Brian Pitt and Stuart Aitken were welcomed back into the mortgage market last week as they joined Kensington Group to investigate opportunities in the specialist lending sector.Pitt resigned as director of sales and operations at Beacon Homeloans in May, two months after Aitken resigned as director of credit at South Pacific Mortgages Limited. John Maltby, group chief executive at Kensington, says: “Kensington Mortgages pioneered the specialist lending market in 1995 and earlier this year received the Queen’s Award for Enterprise for innovation. “But innovators do not stand still and we will take our pioneering app-roach to markets in which we can make a difference with our lending criteria, consistent service and competitive, risk-based pricing.” He adds: “I’m pleased to have Pitt and Aitken on board to help explore the opportunities we have identified.” Pitt says: “Kensington has successfully developed propositions across a number of product areas and distribution channels in various countries. We will build a team to explore expansion possibilities.” Areas the pair will be looking at range from commercial and equity release to overseas mortgages. Pitt had a stake in Australian lender Pepper Homeloans and has previously expressed an interest in the Canadian market.
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The Financial Services Authority will continue to monitor mortgage brokers’ financial promotions, having found little improvement in the number of promotions meeting regulatory standards. While sectors such as investment have upped their game, the FSA says sub-prime and equity release financial promotions are still not up to scratch. Common failings identified in relation to sub-prime […]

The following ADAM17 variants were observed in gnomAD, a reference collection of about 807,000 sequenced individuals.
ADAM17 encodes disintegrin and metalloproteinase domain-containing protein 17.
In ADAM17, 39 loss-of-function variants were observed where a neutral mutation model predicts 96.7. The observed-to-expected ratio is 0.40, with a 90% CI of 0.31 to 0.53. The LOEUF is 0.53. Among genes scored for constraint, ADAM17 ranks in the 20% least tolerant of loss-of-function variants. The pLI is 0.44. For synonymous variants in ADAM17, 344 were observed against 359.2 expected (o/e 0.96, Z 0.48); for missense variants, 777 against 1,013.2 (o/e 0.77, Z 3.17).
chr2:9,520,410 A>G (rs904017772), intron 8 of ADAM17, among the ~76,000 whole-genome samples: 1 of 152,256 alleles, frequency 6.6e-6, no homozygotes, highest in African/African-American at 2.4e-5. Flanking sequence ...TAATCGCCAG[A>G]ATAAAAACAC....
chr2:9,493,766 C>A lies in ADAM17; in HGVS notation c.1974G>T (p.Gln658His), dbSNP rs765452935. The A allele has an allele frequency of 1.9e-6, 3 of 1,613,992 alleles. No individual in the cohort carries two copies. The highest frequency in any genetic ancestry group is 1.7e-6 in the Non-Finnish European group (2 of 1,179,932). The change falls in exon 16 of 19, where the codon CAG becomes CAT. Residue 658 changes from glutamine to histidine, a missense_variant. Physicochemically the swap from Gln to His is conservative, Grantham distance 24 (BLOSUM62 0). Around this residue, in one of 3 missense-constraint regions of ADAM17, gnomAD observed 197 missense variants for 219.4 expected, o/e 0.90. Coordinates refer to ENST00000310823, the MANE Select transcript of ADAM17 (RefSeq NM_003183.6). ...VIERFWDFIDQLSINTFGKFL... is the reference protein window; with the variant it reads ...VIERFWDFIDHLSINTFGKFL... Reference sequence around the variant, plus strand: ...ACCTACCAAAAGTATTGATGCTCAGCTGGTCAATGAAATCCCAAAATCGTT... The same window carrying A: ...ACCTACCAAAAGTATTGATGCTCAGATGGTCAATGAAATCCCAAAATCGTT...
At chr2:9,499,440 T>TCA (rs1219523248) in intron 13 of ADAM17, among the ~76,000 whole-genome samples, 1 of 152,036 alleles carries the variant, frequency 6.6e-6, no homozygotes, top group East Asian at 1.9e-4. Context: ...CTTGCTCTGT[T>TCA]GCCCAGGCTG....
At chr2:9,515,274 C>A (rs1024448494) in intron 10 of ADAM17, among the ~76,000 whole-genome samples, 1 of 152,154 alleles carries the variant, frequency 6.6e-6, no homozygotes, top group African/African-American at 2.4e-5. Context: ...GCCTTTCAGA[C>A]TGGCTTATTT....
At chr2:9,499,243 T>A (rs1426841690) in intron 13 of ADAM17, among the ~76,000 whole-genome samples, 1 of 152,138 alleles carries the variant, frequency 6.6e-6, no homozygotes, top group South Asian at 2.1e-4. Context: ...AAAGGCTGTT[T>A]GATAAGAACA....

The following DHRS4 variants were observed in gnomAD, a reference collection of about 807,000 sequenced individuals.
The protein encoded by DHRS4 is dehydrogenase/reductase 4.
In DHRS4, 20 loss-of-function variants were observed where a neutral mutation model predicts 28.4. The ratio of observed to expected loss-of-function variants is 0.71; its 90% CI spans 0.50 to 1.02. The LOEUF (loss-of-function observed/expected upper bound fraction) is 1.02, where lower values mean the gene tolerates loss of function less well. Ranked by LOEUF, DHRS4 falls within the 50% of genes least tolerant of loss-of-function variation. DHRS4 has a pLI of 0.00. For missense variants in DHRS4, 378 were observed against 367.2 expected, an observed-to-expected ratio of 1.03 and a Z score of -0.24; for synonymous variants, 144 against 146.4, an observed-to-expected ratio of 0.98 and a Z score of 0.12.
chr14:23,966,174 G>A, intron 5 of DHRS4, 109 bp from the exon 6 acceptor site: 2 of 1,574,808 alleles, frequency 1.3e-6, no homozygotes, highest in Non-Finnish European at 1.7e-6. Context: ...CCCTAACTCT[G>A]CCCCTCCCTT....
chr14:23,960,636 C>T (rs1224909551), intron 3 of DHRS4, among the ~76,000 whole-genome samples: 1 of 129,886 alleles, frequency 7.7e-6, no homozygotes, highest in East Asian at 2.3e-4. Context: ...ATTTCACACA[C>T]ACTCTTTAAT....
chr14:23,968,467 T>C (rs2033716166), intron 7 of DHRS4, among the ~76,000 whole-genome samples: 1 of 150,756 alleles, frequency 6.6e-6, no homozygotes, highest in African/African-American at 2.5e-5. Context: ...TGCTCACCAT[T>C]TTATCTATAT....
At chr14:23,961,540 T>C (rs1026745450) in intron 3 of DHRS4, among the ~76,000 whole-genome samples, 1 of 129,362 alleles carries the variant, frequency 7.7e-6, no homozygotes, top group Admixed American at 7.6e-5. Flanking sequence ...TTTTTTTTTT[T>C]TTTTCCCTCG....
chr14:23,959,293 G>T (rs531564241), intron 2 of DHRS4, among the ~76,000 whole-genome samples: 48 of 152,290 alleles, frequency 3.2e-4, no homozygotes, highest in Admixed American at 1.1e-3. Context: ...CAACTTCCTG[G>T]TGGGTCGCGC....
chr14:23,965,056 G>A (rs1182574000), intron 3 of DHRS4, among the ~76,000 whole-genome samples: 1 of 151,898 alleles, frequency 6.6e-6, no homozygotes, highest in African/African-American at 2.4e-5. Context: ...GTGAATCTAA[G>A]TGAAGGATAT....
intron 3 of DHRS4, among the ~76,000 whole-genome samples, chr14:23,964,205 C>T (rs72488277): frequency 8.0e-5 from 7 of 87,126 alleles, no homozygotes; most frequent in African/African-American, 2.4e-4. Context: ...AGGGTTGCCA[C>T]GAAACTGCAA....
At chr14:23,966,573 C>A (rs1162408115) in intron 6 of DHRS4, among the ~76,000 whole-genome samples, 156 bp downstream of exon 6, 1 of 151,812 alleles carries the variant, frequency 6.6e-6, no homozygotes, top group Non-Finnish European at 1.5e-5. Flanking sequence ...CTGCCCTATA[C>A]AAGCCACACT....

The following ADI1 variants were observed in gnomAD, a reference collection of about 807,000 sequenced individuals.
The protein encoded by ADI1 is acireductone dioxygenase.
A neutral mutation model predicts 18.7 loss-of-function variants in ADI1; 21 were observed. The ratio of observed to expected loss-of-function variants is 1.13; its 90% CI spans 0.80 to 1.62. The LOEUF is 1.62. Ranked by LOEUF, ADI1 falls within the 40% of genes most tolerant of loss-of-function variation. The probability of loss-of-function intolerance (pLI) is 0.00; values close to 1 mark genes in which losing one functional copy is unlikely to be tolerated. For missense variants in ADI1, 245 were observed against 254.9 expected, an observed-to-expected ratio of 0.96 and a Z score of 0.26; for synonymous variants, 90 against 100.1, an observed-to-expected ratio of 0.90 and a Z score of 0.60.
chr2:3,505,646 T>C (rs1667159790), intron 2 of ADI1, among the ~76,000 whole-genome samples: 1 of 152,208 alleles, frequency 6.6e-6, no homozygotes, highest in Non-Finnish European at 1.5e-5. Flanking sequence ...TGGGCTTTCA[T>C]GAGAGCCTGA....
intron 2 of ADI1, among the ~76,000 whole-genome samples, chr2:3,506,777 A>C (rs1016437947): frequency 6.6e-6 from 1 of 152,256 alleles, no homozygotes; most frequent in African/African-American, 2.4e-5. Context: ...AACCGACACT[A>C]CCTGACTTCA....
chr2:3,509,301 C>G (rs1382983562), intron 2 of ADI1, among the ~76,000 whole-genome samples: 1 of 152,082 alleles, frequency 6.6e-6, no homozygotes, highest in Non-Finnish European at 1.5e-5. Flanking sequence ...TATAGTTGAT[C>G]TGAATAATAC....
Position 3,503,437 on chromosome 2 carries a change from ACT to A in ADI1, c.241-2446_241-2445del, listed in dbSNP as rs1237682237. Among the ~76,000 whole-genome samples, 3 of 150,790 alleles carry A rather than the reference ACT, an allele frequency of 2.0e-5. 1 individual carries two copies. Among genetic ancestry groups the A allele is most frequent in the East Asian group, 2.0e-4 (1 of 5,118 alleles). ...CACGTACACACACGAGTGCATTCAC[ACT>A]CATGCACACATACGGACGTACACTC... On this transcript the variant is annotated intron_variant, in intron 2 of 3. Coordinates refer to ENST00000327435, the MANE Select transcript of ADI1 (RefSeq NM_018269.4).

The Royal Bank of Scotland has admitted that it stepped back from the broker market in the first half of 2006. In its half-year results it says: “Intermediaries are an important distribution channel for mortgage products in the UK and we are an active participant in this channel, although there can be significant swings in […]
The Mortgage Partnership has added edeus to its packaged panel. edeus, scheduled to launch next month, officially announced its initial chosen packager list last week.Products from the the highly anticipated new lender will be available for intermediaries fully packaged at TMP from launch date. TMP say edeus will offer an extensive specialist product range including […]
The Liberal Democrats say the rate change last week will hit those in debt, especially borrowers with variable rate mortgages.Shadow chancellor Vince Cable says: The rise in interest rates points to serious concerns over high energy and house prices.“The impact of this rate rise will be felt most severely by those with variable rate mortgages.“At […]
Well, the cricket season is here, and England and Australia are stepping up to the wicket. Although we compete with each other in the sporting world, when it comes to pensions, Australia’s pension programme is held up as a model for our auto-enrolment initiative. Auto-enrolment was introduced because people weren’t saving enough into their pensions, and it is still early days but signs are positive. However, in Australia, saving into a pension is compulsory, and in fact employers are the ones who have to pay in. Employees in Australia can make additional contributions into their pensions, but they don’t have to. Should the onus be on the employer or employee to save? Well in the UK we think it’s both, but to get ‘adequate’ savings for retirement it’s the employee who has to pay more in.
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